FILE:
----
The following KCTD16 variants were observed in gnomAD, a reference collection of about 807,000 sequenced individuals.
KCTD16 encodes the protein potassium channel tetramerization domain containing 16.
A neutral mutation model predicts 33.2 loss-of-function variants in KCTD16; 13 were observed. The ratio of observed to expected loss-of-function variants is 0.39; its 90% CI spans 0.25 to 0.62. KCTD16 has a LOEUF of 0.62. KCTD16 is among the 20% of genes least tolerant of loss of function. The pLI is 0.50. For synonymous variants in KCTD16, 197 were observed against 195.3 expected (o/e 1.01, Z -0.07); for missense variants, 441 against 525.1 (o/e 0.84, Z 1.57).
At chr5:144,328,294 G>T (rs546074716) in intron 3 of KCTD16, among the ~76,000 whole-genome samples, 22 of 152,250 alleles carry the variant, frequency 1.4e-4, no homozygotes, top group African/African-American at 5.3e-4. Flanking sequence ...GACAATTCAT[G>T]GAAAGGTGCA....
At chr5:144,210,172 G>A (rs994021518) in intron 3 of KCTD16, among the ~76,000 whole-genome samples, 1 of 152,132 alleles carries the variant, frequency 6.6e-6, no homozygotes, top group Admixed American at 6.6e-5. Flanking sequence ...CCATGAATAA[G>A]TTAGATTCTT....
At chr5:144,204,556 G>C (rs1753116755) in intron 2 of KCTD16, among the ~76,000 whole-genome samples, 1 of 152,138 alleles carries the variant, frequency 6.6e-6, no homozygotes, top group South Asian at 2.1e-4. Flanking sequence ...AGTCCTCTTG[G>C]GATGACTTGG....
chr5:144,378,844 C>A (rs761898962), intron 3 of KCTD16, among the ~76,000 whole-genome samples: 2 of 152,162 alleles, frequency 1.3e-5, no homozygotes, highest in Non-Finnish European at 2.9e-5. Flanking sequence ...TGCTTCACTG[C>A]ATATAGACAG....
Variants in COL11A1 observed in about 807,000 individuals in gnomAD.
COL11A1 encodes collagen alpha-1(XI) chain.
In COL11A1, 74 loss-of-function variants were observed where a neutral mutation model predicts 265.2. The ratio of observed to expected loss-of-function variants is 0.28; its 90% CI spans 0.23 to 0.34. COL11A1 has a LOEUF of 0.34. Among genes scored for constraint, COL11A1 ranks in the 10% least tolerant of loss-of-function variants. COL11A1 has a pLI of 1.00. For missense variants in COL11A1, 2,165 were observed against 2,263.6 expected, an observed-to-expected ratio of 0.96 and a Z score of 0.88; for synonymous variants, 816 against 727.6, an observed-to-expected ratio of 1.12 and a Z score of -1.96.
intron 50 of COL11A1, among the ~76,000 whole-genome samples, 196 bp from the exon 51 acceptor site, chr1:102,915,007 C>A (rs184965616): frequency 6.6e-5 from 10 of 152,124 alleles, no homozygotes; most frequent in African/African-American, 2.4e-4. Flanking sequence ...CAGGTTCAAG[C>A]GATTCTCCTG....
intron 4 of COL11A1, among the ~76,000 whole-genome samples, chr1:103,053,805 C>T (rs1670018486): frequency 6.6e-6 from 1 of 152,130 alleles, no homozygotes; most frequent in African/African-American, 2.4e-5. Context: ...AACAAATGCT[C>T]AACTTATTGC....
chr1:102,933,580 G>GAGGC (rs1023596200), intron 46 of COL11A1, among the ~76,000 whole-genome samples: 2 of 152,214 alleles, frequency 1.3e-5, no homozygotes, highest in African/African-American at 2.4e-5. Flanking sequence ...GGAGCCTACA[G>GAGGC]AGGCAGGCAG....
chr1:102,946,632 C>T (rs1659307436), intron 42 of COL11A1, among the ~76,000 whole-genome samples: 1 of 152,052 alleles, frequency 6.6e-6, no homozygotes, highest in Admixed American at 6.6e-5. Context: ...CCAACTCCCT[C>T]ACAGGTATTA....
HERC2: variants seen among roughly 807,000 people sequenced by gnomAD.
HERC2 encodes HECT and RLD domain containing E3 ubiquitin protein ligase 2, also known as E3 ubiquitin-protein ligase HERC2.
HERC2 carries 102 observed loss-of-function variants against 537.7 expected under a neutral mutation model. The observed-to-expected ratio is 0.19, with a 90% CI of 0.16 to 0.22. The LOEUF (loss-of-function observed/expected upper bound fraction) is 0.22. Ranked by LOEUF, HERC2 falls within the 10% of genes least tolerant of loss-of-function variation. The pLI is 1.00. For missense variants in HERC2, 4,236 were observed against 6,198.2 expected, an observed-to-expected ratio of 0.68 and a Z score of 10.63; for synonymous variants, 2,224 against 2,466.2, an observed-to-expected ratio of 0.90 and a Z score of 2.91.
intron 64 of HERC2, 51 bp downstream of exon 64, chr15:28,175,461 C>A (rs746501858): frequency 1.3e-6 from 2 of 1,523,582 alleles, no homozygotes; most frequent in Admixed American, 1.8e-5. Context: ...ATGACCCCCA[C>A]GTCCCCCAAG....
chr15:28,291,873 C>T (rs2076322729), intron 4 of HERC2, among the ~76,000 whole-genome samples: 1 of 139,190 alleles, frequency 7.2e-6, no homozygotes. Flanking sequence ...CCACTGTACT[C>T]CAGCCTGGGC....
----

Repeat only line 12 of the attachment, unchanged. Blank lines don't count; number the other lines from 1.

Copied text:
intron 4 of COL11A1, among the ~76,000 whole-genome samples, chr1:103,053,805 C>T (rs1670018486): frequency 6.6e-6 from 1 of 152,130 alleles, no homozygotes; most frequent in African/African-American, 2.4e-5. Context: ...AACAAATGCT[C>T]AACTTATTGC....